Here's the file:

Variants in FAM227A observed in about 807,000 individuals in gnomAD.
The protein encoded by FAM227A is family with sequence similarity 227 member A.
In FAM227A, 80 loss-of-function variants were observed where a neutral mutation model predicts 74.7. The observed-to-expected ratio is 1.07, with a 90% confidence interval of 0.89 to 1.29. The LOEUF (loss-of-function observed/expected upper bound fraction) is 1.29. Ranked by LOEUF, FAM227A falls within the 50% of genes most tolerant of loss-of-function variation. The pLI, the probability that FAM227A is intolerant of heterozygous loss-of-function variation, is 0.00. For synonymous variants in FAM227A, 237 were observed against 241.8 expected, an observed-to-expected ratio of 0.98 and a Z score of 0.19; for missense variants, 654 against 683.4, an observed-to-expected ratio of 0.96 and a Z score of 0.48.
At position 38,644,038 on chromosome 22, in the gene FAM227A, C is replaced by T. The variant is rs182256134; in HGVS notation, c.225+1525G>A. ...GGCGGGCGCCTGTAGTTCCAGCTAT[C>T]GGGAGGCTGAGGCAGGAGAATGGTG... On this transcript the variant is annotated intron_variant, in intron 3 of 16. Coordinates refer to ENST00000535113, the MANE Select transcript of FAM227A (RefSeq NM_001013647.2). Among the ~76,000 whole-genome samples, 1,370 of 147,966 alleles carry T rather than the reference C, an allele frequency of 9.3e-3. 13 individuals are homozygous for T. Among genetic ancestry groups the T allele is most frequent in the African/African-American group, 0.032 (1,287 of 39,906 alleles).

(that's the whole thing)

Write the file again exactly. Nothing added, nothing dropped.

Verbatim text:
Variants in FAM227A observed in about 807,000 individuals in gnomAD.
The protein encoded by FAM227A is family with sequence similarity 227 member A.
In FAM227A, 80 loss-of-function variants were observed where a neutral mutation model predicts 74.7. The observed-to-expected ratio is 1.07, with a 90% confidence interval of 0.89 to 1.29. The LOEUF (loss-of-function observed/expected upper bound fraction) is 1.29. Ranked by LOEUF, FAM227A falls within the 50% of genes most tolerant of loss-of-function variation. The pLI, the probability that FAM227A is intolerant of heterozygous loss-of-function variation, is 0.00. For synonymous variants in FAM227A, 237 were observed against 241.8 expected, an observed-to-expected ratio of 0.98 and a Z score of 0.19; for missense variants, 654 against 683.4, an observed-to-expected ratio of 0.96 and a Z score of 0.48.
At position 38,644,038 on chromosome 22, in the gene FAM227A, C is replaced by T. The variant is rs182256134; in HGVS notation, c.225+1525G>A. ...GGCGGGCGCCTGTAGTTCCAGCTAT[C>T]GGGAGGCTGAGGCAGGAGAATGGTG... On this transcript the variant is annotated intron_variant, in intron 3 of 16. Coordinates refer to ENST00000535113, the MANE Select transcript of FAM227A (RefSeq NM_001013647.2). Among the ~76,000 whole-genome samples, 1,370 of 147,966 alleles carry T rather than the reference C, an allele frequency of 9.3e-3. 13 individuals are homozygous for T. Among genetic ancestry groups the T allele is most frequent in the African/African-American group, 0.032 (1,287 of 39,906 alleles).